When the patient expects a therapy to be effective, the area of the brain that controls the pain becomes active, leading to the secretion of the analgesic substance endorphin. As a result, patients will feel better regardless of whether the therapy has a direct effect.
In other words, if the patient really believes that the drug will work, even in the case of a fake drug, it can cause the brain to release analgesic substances. The same effect as a real medicine.
A German study found that if a patient really believes that a drug will work, even in the case of a counterfeit drug, it can cause the brain to release analgesic substances, which is as effective as using a real drug.
At the International Medical Magnetic Resonance Symposium in Berlin, researchers at the University of Hamburg in Germany published the results of this study. In the study, the researchers scanned the brains of 19 healthy volunteers using functional magnetic resonance imaging. During the scan, the researchers used a laser to pin the volunteer’s hand. The researchers told the volunteers that an analgesic ointment had been applied to one of their hands, while the other hand was applied to a common hand cream for reference.
However, in fact, the hands of the volunteers were all hand creams. When the volunteers believed that they were applying an analgesic ointment, they said that the process of feeling the hands being tied was not so painful, and that the part of the brain that was associated with feeling pain was not active.
This study further confirms the medical placebo effect from a physiological point of view, and is the potential positive impact of psychological cues on patients. The placebo effect refers to taking a fake drug that is completely devoid of efficacy without knowing the patient’s knowledge, but the patient gets the same or even better effect than the real drug. In recent years, placebo effects have been increasingly applied in medical practice. A 2005 study showed that 48% of general practitioners in Denmark admitted to giving patients a placebo for at least 10 times a year.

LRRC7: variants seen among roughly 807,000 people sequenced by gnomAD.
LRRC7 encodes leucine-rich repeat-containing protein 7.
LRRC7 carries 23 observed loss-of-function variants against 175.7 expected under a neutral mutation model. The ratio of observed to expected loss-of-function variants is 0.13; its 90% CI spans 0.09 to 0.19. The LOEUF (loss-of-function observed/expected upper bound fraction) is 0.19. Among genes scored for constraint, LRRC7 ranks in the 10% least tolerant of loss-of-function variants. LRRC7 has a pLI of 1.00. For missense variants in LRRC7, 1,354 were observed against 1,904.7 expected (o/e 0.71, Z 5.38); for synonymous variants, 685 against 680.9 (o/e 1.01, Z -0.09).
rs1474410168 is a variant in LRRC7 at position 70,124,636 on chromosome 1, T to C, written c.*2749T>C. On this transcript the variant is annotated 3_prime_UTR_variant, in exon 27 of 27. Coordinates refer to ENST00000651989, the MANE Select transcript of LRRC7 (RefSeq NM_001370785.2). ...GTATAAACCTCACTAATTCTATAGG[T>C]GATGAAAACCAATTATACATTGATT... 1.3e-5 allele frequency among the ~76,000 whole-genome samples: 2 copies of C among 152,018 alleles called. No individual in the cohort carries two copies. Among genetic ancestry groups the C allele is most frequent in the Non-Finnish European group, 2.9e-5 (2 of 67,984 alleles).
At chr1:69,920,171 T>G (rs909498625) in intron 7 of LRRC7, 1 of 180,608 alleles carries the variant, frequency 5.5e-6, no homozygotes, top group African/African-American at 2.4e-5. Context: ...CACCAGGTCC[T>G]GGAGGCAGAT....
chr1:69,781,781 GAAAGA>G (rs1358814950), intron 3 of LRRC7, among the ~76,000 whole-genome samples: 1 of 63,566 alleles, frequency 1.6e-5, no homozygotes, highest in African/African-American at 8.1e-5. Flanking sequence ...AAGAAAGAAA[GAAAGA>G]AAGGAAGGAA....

However, scientists have not found the principle of how the placebo effect relieves pain. And this study by German scientists found that when a patient expects a therapy to be effective, the area of the brain that controls pain becomes active, leading to the secretion of the analgesic substance endorphin. As a result, patients will feel better regardless of whether the therapy has a direct effect.
This finding helps explain why some people claim to benefit from some treatments that don’t actually use any analgesic ingredients. Moreover, this finding further confirms the argument that the efficacy of many existing medical methods does come from the placebo effect. For example, has found that 75% of antidepressants are based on the patient’s desire to reduce the condition.
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